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An old lesson in self-correcting markets

June 29, 2013 - Harry Eagar
In an old book, Matthew Hale Smith's "Sunshine and Shadow in New York," I find the business story of Thomas E. Davies:

"The great real estate speculator of his time was Thomas E. Davies. His speculations in Bleecker street were enormous. He made immense purchases in St. Mark's Place, and originated the phrase for fashionable residences -- "Above Bleecker." He founded the New Brighton Association, which purchased nearly the whole of Staten Island, from Quarantine round to Sailor's Snug Harbor. The Association obtained the gigantic loan from the United States Bank of $479,000 [RtO note: at a time when a night in a hotel, with meals, cost around 6 cents]. Of course the Association failed, and the property was sold in 1837 under a foreclosure."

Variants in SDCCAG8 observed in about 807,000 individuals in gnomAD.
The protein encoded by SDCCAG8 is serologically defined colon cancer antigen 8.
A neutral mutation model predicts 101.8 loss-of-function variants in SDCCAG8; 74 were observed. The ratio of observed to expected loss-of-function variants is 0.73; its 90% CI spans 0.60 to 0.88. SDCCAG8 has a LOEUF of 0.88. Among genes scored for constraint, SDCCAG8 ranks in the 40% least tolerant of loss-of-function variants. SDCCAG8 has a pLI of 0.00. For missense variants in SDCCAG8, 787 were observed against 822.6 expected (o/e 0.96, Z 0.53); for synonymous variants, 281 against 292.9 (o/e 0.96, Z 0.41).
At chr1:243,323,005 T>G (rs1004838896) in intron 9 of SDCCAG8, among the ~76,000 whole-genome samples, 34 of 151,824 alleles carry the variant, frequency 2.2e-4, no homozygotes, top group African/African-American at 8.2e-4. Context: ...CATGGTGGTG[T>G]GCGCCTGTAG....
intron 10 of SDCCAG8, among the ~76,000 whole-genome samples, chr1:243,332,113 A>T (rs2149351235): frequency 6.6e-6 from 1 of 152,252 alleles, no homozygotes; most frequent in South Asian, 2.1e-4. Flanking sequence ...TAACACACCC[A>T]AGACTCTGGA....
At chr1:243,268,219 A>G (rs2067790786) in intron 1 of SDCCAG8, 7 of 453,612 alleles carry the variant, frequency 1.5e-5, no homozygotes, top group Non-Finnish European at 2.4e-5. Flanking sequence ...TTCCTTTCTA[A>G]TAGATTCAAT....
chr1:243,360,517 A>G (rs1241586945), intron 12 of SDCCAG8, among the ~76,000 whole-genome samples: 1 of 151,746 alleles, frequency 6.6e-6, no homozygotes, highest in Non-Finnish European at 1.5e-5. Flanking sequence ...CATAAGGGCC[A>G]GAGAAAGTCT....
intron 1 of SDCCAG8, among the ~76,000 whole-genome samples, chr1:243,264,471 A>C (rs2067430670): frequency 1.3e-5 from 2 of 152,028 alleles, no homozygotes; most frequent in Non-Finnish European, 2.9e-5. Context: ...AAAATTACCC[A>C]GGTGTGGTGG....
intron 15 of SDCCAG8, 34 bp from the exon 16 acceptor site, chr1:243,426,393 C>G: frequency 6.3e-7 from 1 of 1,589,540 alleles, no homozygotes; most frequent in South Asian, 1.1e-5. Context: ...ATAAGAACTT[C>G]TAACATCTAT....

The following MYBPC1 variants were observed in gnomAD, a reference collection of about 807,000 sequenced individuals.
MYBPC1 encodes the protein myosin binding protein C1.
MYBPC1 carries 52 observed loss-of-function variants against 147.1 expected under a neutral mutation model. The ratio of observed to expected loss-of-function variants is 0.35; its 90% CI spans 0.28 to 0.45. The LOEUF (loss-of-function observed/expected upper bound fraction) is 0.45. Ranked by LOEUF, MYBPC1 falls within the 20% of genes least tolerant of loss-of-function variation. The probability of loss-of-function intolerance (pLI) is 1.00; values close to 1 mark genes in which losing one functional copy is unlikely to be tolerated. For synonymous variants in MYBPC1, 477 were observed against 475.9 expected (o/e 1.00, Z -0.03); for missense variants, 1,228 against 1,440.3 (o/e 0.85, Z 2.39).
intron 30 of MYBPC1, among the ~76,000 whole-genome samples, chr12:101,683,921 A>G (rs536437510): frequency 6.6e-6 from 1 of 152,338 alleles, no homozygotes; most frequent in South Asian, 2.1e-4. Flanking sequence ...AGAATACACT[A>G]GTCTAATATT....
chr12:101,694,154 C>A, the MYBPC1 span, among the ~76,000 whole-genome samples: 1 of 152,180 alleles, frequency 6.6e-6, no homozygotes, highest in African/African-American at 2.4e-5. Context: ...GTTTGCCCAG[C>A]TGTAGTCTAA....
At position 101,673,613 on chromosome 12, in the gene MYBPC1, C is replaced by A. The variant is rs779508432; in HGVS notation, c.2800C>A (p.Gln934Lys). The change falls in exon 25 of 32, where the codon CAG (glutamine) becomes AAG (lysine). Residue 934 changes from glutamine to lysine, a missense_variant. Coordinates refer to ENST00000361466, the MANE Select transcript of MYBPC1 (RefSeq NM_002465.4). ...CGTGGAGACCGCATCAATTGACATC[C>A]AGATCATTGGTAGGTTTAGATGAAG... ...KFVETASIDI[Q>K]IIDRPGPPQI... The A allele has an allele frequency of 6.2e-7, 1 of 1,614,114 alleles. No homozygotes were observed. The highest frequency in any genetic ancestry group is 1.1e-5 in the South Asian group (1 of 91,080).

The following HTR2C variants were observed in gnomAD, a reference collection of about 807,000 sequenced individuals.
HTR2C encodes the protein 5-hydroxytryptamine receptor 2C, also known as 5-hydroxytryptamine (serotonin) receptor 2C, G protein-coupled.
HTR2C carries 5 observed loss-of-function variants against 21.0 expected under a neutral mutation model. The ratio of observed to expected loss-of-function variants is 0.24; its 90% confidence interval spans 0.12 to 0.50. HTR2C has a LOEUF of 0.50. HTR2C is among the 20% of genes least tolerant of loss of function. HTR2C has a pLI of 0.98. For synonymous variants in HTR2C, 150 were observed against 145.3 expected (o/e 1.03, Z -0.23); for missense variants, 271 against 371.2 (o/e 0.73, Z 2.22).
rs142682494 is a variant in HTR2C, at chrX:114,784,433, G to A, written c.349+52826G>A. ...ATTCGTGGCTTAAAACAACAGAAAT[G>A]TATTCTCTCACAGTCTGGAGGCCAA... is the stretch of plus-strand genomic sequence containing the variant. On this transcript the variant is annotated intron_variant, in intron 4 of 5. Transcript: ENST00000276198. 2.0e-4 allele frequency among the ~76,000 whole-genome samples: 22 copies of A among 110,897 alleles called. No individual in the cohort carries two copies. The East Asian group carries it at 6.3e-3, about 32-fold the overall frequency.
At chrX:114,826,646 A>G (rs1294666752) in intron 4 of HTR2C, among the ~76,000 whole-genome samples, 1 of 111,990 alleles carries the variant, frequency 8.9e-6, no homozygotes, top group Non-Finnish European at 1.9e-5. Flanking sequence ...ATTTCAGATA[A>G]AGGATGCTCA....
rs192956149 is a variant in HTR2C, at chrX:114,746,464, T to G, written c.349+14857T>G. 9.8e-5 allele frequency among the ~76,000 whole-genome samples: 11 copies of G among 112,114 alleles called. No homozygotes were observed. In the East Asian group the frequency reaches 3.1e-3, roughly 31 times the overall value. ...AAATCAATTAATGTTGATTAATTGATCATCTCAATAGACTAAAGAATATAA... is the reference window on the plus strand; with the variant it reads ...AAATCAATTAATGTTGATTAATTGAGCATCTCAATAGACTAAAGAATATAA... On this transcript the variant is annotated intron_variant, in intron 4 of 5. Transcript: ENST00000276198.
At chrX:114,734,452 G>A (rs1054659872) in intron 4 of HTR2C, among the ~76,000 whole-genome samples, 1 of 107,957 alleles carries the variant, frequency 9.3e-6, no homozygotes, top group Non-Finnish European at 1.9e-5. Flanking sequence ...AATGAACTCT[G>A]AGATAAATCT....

Just to reinforce the point made yesterday ("Banker: All Your Money Are Belong to Us") that it does not require a CRA to create a real estate and banking panic; and that -- contra morons like Greenspan -- financial houses do not exercise caution or perform due diligence when lending money.

They should, but they never have. If you follow, say, Bloomberg News, you will discover that this month, American banks are busily reducing their requirements for real estate loans, because that market is heating up, and it's time to throw caution to the winds and make some fast and easy money:

"Lenders are easing underwriting standards as rising home prices reduce the risk of making new loans, said Michael Fratantoni, vice president of research and economics for the the Mortgage Bankers Association."


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